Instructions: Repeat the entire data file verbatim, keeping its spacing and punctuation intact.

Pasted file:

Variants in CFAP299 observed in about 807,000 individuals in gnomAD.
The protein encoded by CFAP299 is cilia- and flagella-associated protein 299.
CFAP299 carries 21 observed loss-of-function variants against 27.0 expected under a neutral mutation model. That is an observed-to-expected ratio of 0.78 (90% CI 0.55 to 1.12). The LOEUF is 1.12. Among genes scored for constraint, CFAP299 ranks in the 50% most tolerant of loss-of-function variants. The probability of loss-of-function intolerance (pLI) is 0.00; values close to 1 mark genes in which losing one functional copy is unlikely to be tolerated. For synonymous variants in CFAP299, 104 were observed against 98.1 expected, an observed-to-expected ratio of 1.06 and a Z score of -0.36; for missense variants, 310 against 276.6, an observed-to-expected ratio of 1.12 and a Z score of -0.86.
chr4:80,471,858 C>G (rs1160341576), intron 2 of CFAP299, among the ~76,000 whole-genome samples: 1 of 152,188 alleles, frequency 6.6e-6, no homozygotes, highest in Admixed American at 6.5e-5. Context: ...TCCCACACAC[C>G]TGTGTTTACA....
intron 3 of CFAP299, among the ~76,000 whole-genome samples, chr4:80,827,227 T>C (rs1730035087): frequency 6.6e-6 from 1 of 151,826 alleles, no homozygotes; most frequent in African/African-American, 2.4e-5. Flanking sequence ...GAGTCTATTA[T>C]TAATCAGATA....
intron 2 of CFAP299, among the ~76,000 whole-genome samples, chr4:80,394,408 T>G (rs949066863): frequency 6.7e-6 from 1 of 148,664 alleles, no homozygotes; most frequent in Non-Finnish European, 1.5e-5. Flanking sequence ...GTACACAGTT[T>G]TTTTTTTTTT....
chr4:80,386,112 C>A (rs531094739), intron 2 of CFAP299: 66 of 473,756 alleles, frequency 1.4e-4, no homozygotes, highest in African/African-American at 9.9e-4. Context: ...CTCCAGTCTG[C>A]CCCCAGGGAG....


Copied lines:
Variants in CFAP299 observed in about 807,000 individuals in gnomAD.
The protein encoded by CFAP299 is cilia- and flagella-associated protein 299.
CFAP299 carries 21 observed loss-of-function variants against 27.0 expected under a neutral mutation model. That is an observed-to-expected ratio of 0.78 (90% CI 0.55 to 1.12). The LOEUF is 1.12. Among genes scored for constraint, CFAP299 ranks in the 50% most tolerant of loss-of-function variants. The probability of loss-of-function intolerance (pLI) is 0.00; values close to 1 mark genes in which losing one functional copy is unlikely to be tolerated. For synonymous variants in CFAP299, 104 were observed against 98.1 expected, an observed-to-expected ratio of 1.06 and a Z score of -0.36; for missense variants, 310 against 276.6, an observed-to-expected ratio of 1.12 and a Z score of -0.86.
chr4:80,471,858 C>G (rs1160341576), intron 2 of CFAP299, among the ~76,000 whole-genome samples: 1 of 152,188 alleles, frequency 6.6e-6, no homozygotes, highest in Admixed American at 6.5e-5. Context: ...TCCCACACAC[C>G]TGTGTTTACA....
intron 3 of CFAP299, among the ~76,000 whole-genome samples, chr4:80,827,227 T>C (rs1730035087): frequency 6.6e-6 from 1 of 151,826 alleles, no homozygotes; most frequent in African/African-American, 2.4e-5. Flanking sequence ...GAGTCTATTA[T>C]TAATCAGATA....
intron 2 of CFAP299, among the ~76,000 whole-genome samples, chr4:80,394,408 T>G (rs949066863): frequency 6.7e-6 from 1 of 148,664 alleles, no homozygotes; most frequent in Non-Finnish European, 1.5e-5. Flanking sequence ...GTACACAGTT[T>G]TTTTTTTTTT....
chr4:80,386,112 C>A (rs531094739), intron 2 of CFAP299: 66 of 473,756 alleles, frequency 1.4e-4, no homozygotes, highest in African/African-American at 9.9e-4. Context: ...CTCCAGTCTG[C>A]CCCCAGGGAG....